Continued or prolonged use of this drug may result in a growth of bacteria that do not respond to this medication and can cause a secondary infection. Therefore, it is important that your doctor monitor your condition on a regular basis.

Convulsions have been reported in people receiving Cipro. If you experience a seizure or convulsion, notify your doctor immediately.

This medication may stimulate the central nervous system, which may lead to tremors, restlessness, light-headedness, confusion, and hallucinations. If these reactions occur, consult your doctor at once.

If you have a known or suspected central nervous system disorder such as epilepsy or hardening of the arteries in the brain, make sure your doctor knows about it when prescribing Cipro.

You may become more sensitive to light while taking this drug. Try to stay out of the sun as much as possible.

If you must take Cipro for an extended period of time, your doctor will probably order blood tests and tests for urine, kidney, and liver function.


Serious and fatal reactions have occurred when Cipro was taken in combination with theophylline (Theo-Dur). These reactions have included cardiac arrest, seizures, status epilepticus (continuous attacks of epilepsy with no periods of consciousness), and respiratory failure.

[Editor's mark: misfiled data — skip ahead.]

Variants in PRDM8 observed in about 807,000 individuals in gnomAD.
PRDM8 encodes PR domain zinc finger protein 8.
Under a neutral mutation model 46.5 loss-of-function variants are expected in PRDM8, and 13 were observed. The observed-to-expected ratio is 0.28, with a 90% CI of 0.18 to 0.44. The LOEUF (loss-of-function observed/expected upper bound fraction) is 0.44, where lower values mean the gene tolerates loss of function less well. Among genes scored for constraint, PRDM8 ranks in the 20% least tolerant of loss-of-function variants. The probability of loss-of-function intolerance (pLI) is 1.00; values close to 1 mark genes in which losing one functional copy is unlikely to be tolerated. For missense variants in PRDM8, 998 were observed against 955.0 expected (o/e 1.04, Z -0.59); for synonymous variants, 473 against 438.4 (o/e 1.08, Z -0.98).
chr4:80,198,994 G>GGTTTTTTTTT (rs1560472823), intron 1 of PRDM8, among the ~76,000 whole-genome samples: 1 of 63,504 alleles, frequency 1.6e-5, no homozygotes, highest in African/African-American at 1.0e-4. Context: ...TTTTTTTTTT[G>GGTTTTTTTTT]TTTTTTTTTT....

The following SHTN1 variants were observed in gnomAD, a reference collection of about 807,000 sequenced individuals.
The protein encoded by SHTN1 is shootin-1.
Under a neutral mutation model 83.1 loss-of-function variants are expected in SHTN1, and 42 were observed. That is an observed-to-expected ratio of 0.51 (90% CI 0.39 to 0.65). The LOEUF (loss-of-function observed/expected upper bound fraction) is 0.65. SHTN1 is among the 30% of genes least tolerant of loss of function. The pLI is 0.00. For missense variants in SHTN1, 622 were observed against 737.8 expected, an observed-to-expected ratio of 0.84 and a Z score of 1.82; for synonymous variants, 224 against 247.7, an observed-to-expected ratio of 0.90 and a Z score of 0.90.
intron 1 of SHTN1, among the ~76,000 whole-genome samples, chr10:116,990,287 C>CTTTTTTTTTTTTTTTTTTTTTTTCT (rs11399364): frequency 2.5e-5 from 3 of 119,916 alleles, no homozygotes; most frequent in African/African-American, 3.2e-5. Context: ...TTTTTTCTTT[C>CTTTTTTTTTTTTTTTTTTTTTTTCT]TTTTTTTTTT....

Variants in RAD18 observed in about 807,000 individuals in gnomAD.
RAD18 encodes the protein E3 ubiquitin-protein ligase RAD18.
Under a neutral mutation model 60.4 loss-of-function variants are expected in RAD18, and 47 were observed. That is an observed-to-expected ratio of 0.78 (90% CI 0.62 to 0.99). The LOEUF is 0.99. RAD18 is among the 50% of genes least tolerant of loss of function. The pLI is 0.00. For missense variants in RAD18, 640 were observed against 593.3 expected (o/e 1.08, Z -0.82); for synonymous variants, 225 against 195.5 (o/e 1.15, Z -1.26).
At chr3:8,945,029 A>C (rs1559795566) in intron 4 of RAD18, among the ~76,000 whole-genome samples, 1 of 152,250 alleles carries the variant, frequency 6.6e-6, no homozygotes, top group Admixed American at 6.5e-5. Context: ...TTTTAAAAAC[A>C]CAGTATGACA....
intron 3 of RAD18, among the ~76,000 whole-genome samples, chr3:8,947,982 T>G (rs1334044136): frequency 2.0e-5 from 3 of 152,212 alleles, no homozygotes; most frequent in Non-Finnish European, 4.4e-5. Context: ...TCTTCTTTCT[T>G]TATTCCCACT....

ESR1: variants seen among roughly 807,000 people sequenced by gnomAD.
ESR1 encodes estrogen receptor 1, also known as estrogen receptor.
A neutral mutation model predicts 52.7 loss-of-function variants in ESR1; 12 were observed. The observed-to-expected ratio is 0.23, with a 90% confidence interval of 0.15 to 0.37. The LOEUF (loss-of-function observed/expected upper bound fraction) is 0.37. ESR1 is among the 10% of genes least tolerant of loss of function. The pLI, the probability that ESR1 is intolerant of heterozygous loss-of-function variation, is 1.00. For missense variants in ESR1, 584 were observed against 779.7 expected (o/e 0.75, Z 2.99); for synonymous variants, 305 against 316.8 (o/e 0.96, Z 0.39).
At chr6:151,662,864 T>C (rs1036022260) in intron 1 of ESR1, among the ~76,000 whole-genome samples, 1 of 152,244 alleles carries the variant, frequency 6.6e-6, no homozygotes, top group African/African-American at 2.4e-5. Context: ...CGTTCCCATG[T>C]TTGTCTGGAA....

Products containing iron, multi-vitamins containing zinc, or antacids containing magnesium, aluminum, or calcium, when taken in combination with Cipro, may interfere with absorption of this medication.

Cipro may increase the effects of caffeine.

If Cipro is taken with certain other drugs, the effects of either could be increased, decreased, or altered. These drugs include:

Cyclophosphamide (Cytoxan) Cyclosporine (Sandimmune, Neoral) Glyburide (DiaBeta, Glynase, Micronase) Metoprolol (Lopressor) Phenytoin (Dilantin) Probenecid (Benemid) Sucralfate (Carafate) Theophylline (Theo-Dur) Warfarin (Coumadin)"